Our society is jammed packed with so many racial, political, spiritual, economic, religious, moral and other topical issues until it’s not an easy task to provide satisfactory answers to every concern or qualm. Sometimes, our elected officials and law enforcement officials can’t do it all, nor can anyone else do it all for you. Take stock.
Maybe, we need to look inward. I related this in rather simple terms to the young brother just as I’m relaying it to you now. Also I told him that no one, be he or she be so-called Black, Peach, Beige, White, Brown, Yellow, Red, Tan or whatever hue or ethnicity he or she identifies with, ever rightfully gets more than he or she gives. “Life is about equality” my late mother used to tell me, and her rationale went something like this.
My mother, a schoolteacher by profession and a spiritual soul in the highest by nature, said communication in life is an equal and a neutral division meaning-half to you and half to the other soul in the communication process.
You already know that I’m a Muslim, but my mom was a Christian and she taught me that people should give as much as they take. “It’s 50-50.” In both of our spiritual traditions, I see that we’re supposed to be servants, or spiritual employees, of the Creator Alone, employing mom’s 50-50 communication rule.
I told the young man that, and I told him that if my mom was alive today and talking to him, I believe that she would ask him if he was giving in service (and not complaints) as much as he’s taking in inspiration, understanding, humility, compassion, experience and training from God? Now, that’s some heavy stuff for you to dwell on if I do say so myself.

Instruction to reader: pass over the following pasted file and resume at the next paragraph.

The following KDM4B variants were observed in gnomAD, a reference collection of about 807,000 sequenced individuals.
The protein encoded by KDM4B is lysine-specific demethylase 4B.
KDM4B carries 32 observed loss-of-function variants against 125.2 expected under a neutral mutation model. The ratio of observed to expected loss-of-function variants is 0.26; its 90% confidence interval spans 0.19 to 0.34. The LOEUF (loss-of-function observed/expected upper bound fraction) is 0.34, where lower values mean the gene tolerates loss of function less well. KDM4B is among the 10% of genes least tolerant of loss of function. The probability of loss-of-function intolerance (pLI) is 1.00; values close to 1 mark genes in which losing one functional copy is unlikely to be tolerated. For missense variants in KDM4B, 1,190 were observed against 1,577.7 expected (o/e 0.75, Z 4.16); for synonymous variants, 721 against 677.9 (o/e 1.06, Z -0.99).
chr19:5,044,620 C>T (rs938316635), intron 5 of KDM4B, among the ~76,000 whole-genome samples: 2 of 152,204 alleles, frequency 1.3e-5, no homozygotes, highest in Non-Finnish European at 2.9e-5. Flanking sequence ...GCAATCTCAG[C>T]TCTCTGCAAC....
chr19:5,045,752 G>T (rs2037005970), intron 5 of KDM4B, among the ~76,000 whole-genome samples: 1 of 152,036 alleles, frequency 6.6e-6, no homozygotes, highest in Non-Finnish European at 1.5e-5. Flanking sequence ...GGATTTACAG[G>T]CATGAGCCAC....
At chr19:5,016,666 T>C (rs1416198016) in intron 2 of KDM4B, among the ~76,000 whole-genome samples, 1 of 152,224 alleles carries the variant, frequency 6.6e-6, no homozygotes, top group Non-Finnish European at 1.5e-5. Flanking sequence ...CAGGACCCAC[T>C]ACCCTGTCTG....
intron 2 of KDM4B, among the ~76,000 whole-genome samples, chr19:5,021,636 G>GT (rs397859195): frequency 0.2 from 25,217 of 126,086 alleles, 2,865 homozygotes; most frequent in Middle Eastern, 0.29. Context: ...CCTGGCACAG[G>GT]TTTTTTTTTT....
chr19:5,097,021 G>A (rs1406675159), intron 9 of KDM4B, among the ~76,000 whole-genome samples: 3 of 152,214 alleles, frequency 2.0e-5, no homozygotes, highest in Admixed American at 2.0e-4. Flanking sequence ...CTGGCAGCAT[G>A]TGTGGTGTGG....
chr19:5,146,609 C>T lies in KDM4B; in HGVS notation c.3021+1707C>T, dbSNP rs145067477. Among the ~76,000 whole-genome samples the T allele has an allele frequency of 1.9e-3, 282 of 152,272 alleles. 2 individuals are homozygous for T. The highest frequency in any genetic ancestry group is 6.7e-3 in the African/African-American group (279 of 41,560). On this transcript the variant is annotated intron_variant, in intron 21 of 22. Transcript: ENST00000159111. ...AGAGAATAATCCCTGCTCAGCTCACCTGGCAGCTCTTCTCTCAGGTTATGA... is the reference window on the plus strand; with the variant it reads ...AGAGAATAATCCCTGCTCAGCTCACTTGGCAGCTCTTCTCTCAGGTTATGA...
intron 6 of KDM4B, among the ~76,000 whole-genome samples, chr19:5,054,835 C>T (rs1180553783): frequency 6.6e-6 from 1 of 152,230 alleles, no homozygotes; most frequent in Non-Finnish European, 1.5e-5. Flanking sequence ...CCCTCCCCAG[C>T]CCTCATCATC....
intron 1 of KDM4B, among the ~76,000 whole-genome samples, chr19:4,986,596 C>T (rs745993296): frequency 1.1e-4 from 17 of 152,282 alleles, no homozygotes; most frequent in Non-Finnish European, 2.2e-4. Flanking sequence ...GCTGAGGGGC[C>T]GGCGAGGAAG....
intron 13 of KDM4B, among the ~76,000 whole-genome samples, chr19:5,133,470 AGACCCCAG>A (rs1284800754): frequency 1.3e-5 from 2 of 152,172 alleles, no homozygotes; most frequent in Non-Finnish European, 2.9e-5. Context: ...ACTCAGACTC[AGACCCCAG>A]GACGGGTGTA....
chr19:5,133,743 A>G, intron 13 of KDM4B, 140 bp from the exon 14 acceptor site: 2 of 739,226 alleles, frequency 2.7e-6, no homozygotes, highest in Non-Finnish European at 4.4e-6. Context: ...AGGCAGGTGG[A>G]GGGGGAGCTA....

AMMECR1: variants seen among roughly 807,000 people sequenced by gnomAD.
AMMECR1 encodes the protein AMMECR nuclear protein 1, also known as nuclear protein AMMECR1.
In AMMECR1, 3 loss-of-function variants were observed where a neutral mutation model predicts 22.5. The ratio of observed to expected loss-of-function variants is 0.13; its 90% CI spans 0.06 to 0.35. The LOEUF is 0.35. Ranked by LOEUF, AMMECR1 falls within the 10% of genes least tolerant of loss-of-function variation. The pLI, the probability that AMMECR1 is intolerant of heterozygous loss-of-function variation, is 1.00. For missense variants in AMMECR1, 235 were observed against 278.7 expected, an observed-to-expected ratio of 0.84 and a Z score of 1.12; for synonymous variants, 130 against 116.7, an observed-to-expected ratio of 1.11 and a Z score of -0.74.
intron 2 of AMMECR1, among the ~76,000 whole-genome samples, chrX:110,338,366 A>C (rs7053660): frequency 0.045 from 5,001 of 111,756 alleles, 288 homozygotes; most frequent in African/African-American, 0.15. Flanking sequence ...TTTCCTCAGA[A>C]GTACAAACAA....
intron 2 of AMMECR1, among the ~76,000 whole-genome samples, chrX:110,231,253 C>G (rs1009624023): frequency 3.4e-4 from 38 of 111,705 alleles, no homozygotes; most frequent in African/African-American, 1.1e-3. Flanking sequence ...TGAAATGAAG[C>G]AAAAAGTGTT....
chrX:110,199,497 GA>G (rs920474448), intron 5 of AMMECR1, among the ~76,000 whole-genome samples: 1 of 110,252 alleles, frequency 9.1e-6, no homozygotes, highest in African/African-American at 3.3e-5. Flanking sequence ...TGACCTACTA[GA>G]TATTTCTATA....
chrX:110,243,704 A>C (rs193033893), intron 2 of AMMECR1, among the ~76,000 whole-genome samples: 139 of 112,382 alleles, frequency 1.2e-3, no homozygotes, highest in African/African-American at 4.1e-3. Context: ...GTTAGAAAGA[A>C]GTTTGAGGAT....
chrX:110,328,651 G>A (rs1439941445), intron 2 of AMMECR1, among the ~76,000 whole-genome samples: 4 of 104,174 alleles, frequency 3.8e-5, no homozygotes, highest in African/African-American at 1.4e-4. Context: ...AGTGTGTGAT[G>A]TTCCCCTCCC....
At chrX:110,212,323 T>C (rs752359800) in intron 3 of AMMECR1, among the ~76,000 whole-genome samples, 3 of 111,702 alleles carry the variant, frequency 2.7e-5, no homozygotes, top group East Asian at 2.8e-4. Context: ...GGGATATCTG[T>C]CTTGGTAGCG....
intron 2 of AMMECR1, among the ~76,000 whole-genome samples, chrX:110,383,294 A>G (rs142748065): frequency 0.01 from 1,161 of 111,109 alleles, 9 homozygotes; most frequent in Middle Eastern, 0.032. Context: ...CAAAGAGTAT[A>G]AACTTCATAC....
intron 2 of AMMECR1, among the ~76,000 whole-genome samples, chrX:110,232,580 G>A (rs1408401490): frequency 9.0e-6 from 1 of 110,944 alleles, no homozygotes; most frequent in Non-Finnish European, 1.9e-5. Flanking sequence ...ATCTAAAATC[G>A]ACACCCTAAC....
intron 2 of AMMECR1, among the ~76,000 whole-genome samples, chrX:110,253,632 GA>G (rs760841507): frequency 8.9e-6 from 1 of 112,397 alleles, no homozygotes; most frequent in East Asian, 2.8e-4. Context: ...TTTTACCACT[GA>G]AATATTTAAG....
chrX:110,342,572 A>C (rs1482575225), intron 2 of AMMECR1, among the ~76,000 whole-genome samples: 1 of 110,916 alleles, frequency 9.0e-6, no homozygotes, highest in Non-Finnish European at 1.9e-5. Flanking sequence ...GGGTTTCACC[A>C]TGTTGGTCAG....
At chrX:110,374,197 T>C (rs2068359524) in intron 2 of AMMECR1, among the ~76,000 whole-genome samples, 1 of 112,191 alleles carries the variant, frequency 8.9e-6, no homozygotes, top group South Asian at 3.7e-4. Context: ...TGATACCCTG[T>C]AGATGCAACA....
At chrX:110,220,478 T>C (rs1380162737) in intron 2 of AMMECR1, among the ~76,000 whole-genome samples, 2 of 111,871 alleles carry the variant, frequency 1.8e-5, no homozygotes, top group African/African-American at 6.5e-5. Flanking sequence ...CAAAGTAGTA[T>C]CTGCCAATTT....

Please think about that. The young said he didn’t quite understand where I was coming from. I told him that life is a university where knowledge is dispersed every moment in every second of our existences. My mother would say that a true student of learning didn’t have time to whine and complain because in this phase of living, life is much too short for that.
She advised that the next moment isn’t guaranteed to us, so it’s time for all of of us to take a consequential “notice invoice” of what’s really going in our lives. Are you giving as much as you’re taking, and are you or operating on ” Mom’s 50-50 Plan?” Think! Do your efforts in communicating with yourself and others yield positive achievements or disastrous results? Again, think.
I told the young man that loving who you are is a plus and that everything that’s in his path is there to make him stronger, so don’t give into negative thinking. I believe that with all my heart and soul because it’s invigorating to positively give as much as you take in. Remember mom’s rule.
In my worldview now, as said to the young man, I’ve come to know that every dispute or undoing in life is probably traceable to the lack of the 50-50 rule mom laid in my head way back then. From bad relationships to soured businesses to disgruntled politics to the brokenness of the family unit, the equal division of “Mom’s 50-50 Plan” is missing.
I told the young man that as old as I am, I still needed it in my life just as I believed that he needed it in his young life. But it can never be a daily reality in our lives until we all, including you and me, begin to apply “Mom’s 50-50 Plan”
You see, life is full of the abrupt and disappointing arenas of our lives, and no matter who you are, life is going to throw you an unforeseen curve or two. Knowing this to be an absolute given, I flatly told the young brother that life is the ultimate testing ground for one’s real faith, so keep his head up. That message is for me and you too. For today and always, that’s, “As I See It.”